One of the things that I like about Ryan is that he does not let sleeping dogs lie.  He gets upset and asks to speak to the manager.  A few moments later he comes walking out and heads over to our table.  He begins to explain his case on how service industry folks are those that work for tips and people that work in design, retail, or other are not allowed to have HIP cards.  This took Ryan aback as he had never heard his position of cutting and delivering meat to be considered retail.  He bickers back and forth and finally I ask him to leave it alone.  He obliges only to have my girlfriend step in with one more question.  She asked if people that work at Wendy’s or McDonald’s would be able to qualify for the HIP card.  The manager did not know.  He then tells the table that he would grab the book that explained what did and did not qualify.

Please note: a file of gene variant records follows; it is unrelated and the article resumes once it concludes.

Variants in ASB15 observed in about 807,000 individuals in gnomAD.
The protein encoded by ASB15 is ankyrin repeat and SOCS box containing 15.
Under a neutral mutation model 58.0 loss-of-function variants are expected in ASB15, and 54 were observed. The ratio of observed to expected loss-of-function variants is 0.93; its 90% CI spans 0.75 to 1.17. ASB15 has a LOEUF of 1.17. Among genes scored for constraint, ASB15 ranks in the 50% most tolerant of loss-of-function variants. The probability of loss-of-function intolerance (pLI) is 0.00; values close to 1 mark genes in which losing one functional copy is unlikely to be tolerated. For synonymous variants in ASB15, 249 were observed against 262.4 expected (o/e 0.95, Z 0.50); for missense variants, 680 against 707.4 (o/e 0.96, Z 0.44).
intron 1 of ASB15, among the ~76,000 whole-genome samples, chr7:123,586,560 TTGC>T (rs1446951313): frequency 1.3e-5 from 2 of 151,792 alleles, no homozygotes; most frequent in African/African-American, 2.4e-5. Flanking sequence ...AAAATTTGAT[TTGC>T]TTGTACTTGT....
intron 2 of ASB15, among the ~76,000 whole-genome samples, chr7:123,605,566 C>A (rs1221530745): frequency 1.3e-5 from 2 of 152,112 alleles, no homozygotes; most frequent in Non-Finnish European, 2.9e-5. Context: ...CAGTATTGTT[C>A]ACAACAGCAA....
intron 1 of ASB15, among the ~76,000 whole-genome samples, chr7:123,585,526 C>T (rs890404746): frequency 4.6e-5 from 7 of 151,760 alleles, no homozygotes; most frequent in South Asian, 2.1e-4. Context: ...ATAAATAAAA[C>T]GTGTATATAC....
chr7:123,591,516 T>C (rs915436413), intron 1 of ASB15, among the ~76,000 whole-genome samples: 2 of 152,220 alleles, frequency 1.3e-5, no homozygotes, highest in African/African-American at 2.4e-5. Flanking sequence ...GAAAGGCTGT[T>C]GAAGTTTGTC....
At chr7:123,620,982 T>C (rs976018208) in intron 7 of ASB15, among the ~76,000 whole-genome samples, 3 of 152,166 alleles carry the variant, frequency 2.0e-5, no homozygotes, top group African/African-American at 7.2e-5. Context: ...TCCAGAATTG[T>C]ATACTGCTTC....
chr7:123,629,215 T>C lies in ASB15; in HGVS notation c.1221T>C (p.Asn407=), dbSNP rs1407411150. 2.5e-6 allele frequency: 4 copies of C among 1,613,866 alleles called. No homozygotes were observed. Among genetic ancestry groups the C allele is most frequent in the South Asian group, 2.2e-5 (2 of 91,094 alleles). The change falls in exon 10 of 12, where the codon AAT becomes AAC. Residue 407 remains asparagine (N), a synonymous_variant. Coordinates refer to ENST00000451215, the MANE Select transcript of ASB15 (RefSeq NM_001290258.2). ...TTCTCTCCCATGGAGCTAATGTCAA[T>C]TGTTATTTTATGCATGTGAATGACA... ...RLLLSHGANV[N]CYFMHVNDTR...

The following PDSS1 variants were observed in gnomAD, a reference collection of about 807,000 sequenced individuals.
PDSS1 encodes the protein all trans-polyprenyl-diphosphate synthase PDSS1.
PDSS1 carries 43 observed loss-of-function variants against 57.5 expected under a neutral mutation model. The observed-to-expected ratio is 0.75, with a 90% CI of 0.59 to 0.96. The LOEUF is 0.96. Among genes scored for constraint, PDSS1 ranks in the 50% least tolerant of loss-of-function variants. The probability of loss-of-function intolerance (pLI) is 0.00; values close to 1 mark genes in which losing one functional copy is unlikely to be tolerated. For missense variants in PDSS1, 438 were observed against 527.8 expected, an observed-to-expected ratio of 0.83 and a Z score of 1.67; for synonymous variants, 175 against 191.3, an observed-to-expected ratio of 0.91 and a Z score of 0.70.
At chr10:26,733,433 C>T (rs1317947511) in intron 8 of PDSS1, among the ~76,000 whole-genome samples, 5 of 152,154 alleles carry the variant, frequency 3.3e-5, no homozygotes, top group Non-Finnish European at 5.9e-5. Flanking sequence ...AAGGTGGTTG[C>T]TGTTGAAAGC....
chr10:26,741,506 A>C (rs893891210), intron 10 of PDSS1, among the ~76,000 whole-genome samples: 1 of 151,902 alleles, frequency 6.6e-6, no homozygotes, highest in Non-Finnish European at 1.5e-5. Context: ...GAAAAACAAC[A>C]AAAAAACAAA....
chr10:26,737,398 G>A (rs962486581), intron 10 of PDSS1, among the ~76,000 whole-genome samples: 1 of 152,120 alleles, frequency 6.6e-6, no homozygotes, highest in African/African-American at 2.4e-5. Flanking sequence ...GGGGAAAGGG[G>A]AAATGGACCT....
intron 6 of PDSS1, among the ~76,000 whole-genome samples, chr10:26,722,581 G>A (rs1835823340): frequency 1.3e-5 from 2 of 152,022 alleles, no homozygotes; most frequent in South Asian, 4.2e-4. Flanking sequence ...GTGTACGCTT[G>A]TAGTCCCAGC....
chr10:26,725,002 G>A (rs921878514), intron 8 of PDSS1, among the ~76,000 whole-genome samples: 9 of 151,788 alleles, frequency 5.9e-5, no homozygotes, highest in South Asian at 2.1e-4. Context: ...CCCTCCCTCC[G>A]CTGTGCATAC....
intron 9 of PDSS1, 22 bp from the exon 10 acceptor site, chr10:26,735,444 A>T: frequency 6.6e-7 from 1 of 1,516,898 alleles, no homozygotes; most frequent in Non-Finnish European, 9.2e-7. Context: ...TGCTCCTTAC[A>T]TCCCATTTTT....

About ten minutes later he walks back out, leans on the door, and begins a conversation with the two young ladies at the front door.  These two ladies, both who were on their cell phones the entire night by the way, couldn’t care less what was going on.  They seemed to be new as the manager at one point handed them their first pay checks, and seemed to be extremely naïve as they only carded about half the people that walked into the bar.  After about five minutes of watching this I was ready to leave and get some pancakes at Perkins right across the street.

Just when we were getting ready to leave I noticed a trio of guys standing around looking at my car.  They were talking, laughing, and making jokes about it as I proceed to offer them $5 rides around the parking lot.  We all laughed and began speaking about the gas mileage and the amount of room on the inside.  One of the gents introduced himself as the general manager of the restaurant.  I decided that there would not be a better opportunity to let him know about how his management and service staff had acted in the previous two hours.